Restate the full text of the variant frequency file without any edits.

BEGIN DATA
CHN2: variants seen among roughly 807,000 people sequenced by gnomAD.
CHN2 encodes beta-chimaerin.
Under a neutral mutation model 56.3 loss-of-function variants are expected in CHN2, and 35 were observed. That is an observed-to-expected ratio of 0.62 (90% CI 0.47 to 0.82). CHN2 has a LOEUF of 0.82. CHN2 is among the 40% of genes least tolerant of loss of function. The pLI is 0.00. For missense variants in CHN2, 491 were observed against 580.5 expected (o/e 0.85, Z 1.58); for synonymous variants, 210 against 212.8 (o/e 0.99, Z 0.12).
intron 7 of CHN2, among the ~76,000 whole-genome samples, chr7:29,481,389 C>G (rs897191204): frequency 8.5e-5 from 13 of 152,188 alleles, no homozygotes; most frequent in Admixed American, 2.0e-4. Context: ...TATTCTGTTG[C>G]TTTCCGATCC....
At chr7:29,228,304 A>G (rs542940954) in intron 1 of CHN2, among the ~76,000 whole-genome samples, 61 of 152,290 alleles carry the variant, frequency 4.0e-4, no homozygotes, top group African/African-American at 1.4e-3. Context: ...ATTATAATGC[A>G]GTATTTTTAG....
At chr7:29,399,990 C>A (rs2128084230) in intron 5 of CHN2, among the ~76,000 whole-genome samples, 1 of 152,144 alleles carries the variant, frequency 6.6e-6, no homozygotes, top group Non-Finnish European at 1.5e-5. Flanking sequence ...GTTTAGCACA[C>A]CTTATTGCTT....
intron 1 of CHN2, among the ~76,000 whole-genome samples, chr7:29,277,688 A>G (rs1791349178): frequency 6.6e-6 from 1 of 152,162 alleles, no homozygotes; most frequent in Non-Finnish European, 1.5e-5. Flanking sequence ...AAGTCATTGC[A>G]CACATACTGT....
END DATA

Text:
CHN2: variants seen among roughly 807,000 people sequenced by gnomAD.
CHN2 encodes beta-chimaerin.
Under a neutral mutation model 56.3 loss-of-function variants are expected in CHN2, and 35 were observed. That is an observed-to-expected ratio of 0.62 (90% CI 0.47 to 0.82). CHN2 has a LOEUF of 0.82. CHN2 is among the 40% of genes least tolerant of loss of function. The pLI is 0.00. For missense variants in CHN2, 491 were observed against 580.5 expected (o/e 0.85, Z 1.58); for synonymous variants, 210 against 212.8 (o/e 0.99, Z 0.12).
intron 7 of CHN2, among the ~76,000 whole-genome samples, chr7:29,481,389 C>G (rs897191204): frequency 8.5e-5 from 13 of 152,188 alleles, no homozygotes; most frequent in Admixed American, 2.0e-4. Context: ...TATTCTGTTG[C>G]TTTCCGATCC....
At chr7:29,228,304 A>G (rs542940954) in intron 1 of CHN2, among the ~76,000 whole-genome samples, 61 of 152,290 alleles carry the variant, frequency 4.0e-4, no homozygotes, top group African/African-American at 1.4e-3. Context: ...ATTATAATGC[A>G]GTATTTTTAG....
At chr7:29,399,990 C>A (rs2128084230) in intron 5 of CHN2, among the ~76,000 whole-genome samples, 1 of 152,144 alleles carries the variant, frequency 6.6e-6, no homozygotes, top group Non-Finnish European at 1.5e-5. Flanking sequence ...GTTTAGCACA[C>A]CTTATTGCTT....
intron 1 of CHN2, among the ~76,000 whole-genome samples, chr7:29,277,688 A>G (rs1791349178): frequency 6.6e-6 from 1 of 152,162 alleles, no homozygotes; most frequent in Non-Finnish European, 1.5e-5. Flanking sequence ...AAGTCATTGC[A>G]CACATACTGT....